Egypt is well known for holding one of the oldest civilizations in the world. The country is full of story borders. But when we talk about monuments already made by these civilizations the only answer we hear is the “pyramids”.
The main purpose of the pyramids was to shelter and protect the body of the mummified pharaoh and his personal effects, such as jewelry, personal utensils and other material goods. But have you ever imagined that there would be more monuments in Egypt than the pyramids?
With that in mind, we have listed for you some of the buildings that reside in Egypt, but almost nobody knows:
This temple was built for funeral or even commemorative for Queen Hatchepsut. Hatchepsut ruled for 21 years, and is considered to be one of Egypt’s largest housekeeper.
The monument is located in Deir El-Bahri, and is known as “Djeser-djseru”, which means “the holy of holies”, on a series of columned terraces that are accessed via long ramps decorated with gardens. It was built inside a cliff that rises over time.
These two huge stone statues are known as the Colossi of Memnon. They are located on the west bank of the Nile River, very close to the city of Luxor, Egypt. They are intended to represent Pharaoh Amenhotep III, who reigned in ancient Egypt.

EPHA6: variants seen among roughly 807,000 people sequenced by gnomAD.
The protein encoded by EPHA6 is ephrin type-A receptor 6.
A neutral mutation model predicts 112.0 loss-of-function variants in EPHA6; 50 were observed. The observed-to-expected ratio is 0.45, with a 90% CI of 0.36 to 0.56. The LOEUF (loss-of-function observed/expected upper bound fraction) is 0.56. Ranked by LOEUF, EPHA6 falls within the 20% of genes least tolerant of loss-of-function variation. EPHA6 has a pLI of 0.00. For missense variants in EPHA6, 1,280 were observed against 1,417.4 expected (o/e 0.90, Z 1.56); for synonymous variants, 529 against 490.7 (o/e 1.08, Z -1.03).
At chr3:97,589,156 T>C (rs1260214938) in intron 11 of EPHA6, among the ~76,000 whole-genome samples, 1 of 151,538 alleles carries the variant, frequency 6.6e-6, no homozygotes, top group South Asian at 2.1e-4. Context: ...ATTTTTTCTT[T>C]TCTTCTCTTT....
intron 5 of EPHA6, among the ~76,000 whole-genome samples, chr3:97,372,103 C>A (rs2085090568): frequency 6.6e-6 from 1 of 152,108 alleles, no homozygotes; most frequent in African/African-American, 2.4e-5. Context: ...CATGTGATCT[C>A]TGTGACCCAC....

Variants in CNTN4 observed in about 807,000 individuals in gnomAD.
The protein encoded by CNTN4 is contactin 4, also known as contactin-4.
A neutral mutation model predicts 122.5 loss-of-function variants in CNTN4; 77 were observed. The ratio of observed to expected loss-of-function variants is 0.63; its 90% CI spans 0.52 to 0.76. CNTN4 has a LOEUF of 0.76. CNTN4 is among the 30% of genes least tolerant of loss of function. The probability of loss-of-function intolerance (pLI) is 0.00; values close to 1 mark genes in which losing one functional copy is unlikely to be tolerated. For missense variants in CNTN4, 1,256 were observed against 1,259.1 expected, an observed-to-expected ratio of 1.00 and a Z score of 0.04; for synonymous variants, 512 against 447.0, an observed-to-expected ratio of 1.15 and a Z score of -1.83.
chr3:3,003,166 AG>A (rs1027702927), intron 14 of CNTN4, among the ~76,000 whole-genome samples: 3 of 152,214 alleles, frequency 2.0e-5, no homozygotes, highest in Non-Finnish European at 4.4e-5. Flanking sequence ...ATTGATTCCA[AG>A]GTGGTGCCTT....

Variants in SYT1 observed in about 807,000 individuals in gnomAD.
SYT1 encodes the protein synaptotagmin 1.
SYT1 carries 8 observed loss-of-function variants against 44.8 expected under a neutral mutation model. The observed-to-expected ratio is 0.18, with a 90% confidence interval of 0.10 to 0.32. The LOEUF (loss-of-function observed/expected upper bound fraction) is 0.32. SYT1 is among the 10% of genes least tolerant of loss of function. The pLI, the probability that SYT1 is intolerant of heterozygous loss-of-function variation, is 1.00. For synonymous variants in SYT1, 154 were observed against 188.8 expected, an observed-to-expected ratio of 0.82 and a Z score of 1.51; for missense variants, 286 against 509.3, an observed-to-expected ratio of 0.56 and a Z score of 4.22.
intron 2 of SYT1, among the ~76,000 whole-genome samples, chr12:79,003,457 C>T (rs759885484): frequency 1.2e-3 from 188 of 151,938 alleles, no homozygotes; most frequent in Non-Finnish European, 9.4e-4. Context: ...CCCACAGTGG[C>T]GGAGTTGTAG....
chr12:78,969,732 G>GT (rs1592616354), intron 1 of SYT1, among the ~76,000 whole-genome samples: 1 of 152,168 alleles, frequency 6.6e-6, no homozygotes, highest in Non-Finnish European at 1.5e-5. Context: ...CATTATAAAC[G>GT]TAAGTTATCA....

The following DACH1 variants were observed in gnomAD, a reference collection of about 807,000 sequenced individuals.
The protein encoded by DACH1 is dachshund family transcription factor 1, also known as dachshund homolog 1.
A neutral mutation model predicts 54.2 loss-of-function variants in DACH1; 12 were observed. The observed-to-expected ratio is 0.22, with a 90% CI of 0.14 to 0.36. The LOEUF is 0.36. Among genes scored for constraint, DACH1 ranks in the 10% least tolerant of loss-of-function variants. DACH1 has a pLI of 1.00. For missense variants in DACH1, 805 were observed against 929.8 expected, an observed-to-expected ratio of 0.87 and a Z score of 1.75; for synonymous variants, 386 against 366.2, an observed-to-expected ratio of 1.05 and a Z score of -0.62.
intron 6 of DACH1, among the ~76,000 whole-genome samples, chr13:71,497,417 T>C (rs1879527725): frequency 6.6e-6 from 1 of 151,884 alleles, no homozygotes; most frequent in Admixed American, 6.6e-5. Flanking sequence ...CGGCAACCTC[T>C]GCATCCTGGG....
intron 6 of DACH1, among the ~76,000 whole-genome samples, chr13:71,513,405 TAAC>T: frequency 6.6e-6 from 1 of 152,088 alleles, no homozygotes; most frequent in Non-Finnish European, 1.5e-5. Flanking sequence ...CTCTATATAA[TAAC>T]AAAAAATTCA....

The statues are made to look like they are sitting with their hands on their knees, looking east toward the river. They were at the entrance gate of the Amenhotp memorial temple, built while Pharaoh was still alive, where he was worshiped as a true god.
3 – Malkata Palace
Amenhop III ruled Egypt for almost 40 years, and before his rule Egypt had never witnessed such prosperity and riches. He was considered a king god in his Malkata palace.
The palace was huge, housing Amenhotep’s entire family, servants, guests, and a great harem of princesses, each with their own servants.
4 – City of Tanis
The city of Tanis was one of the closest ports to the Asian coast, and was considered one of the richest cities in the region. It was an important commercial and strategic city until it was threatened by flooding from Lake Manzala, until it was finally abandoned. After a long time it became known as the “Lost City of Tanis”.
5 – Seti I time
Located in Abydos, one of the places that is considered very sacred in ancient Egypt. Abydos was originally dedicated to the god Wepwawet, whose goal was to open the way for the dead to enter the afterlife.
One of the few remaining temples inside Abydos was the Arrow I Temple, which has an “L” shape. The temple had commemoration halls and large rooms where workers supported the roof by placing many columns throughout the structure.
6 – Babylon Fortress
Originally built by the Romans, the building has been linked to Babylonian followers, and even prisoners brought from Babylon by Pharaoh Sesostris in the 19th century BC.
The fortress was considered a refuge for Christians, especially those who suffered some kind of persecution. In the fortress itself are several built churches, including the “Suspended”, one of Egypt’s most famous “Coptic” churches.
7 – Meritamun Statue
Unlike most of Egypt’s historical cities, Akhmim is still active today, and is opposite the ancient Egyptian city of Ipu. As archaeologists excavated the site, they eventually discovered fragments of a statue of Ramses II and an intact 11-meter-tall statue of Meritamun, daughter of Ramses II.